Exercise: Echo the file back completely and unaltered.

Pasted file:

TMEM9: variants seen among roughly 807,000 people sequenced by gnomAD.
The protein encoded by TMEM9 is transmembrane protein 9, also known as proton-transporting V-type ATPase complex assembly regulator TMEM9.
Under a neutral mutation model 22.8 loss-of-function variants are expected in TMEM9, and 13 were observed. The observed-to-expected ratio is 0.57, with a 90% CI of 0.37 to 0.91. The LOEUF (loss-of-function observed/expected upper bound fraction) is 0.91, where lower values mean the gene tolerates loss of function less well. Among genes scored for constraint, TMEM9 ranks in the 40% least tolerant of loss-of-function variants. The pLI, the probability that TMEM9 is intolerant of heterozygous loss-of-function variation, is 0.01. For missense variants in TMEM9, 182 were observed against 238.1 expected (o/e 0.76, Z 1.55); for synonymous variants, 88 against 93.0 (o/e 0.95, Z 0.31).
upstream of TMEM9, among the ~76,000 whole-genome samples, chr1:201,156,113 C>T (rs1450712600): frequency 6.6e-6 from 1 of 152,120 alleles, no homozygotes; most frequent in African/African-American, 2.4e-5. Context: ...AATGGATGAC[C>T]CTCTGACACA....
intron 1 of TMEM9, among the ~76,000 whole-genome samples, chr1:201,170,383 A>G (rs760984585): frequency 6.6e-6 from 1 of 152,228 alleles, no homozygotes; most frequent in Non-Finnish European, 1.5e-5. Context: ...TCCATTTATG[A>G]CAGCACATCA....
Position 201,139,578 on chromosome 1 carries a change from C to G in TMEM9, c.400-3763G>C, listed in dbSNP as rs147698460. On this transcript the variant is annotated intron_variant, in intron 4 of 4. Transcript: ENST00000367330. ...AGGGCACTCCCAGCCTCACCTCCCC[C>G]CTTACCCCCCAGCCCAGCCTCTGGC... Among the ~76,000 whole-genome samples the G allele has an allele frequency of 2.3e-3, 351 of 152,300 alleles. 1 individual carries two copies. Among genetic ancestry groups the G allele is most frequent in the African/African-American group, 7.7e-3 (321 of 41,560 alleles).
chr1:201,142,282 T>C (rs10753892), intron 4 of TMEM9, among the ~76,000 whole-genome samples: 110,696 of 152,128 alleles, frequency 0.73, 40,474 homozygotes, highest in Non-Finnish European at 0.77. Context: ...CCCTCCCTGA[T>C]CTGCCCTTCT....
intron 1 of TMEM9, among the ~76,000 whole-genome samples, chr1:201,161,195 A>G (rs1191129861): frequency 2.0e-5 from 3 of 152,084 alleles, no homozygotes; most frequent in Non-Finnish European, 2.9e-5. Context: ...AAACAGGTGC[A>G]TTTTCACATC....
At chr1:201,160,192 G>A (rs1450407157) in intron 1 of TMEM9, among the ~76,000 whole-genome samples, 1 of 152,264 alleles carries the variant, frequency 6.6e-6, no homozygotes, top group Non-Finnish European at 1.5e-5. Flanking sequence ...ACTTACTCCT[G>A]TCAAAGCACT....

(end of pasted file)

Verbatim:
TMEM9: variants seen among roughly 807,000 people sequenced by gnomAD.
The protein encoded by TMEM9 is transmembrane protein 9, also known as proton-transporting V-type ATPase complex assembly regulator TMEM9.
Under a neutral mutation model 22.8 loss-of-function variants are expected in TMEM9, and 13 were observed. The observed-to-expected ratio is 0.57, with a 90% CI of 0.37 to 0.91. The LOEUF (loss-of-function observed/expected upper bound fraction) is 0.91, where lower values mean the gene tolerates loss of function less well. Among genes scored for constraint, TMEM9 ranks in the 40% least tolerant of loss-of-function variants. The pLI, the probability that TMEM9 is intolerant of heterozygous loss-of-function variation, is 0.01. For missense variants in TMEM9, 182 were observed against 238.1 expected (o/e 0.76, Z 1.55); for synonymous variants, 88 against 93.0 (o/e 0.95, Z 0.31).
upstream of TMEM9, among the ~76,000 whole-genome samples, chr1:201,156,113 C>T (rs1450712600): frequency 6.6e-6 from 1 of 152,120 alleles, no homozygotes; most frequent in African/African-American, 2.4e-5. Context: ...AATGGATGAC[C>T]CTCTGACACA....
intron 1 of TMEM9, among the ~76,000 whole-genome samples, chr1:201,170,383 A>G (rs760984585): frequency 6.6e-6 from 1 of 152,228 alleles, no homozygotes; most frequent in Non-Finnish European, 1.5e-5. Context: ...TCCATTTATG[A>G]CAGCACATCA....
Position 201,139,578 on chromosome 1 carries a change from C to G in TMEM9, c.400-3763G>C, listed in dbSNP as rs147698460. On this transcript the variant is annotated intron_variant, in intron 4 of 4. Transcript: ENST00000367330. ...AGGGCACTCCCAGCCTCACCTCCCC[C>G]CTTACCCCCCAGCCCAGCCTCTGGC... Among the ~76,000 whole-genome samples the G allele has an allele frequency of 2.3e-3, 351 of 152,300 alleles. 1 individual carries two copies. Among genetic ancestry groups the G allele is most frequent in the African/African-American group, 7.7e-3 (321 of 41,560 alleles).
chr1:201,142,282 T>C (rs10753892), intron 4 of TMEM9, among the ~76,000 whole-genome samples: 110,696 of 152,128 alleles, frequency 0.73, 40,474 homozygotes, highest in Non-Finnish European at 0.77. Context: ...CCCTCCCTGA[T>C]CTGCCCTTCT....
intron 1 of TMEM9, among the ~76,000 whole-genome samples, chr1:201,161,195 A>G (rs1191129861): frequency 2.0e-5 from 3 of 152,084 alleles, no homozygotes; most frequent in Non-Finnish European, 2.9e-5. Context: ...AAACAGGTGC[A>G]TTTTCACATC....
At chr1:201,160,192 G>A (rs1450407157) in intron 1 of TMEM9, among the ~76,000 whole-genome samples, 1 of 152,264 alleles carries the variant, frequency 6.6e-6, no homozygotes, top group Non-Finnish European at 1.5e-5. Flanking sequence ...ACTTACTCCT[G>A]TCAAAGCACT....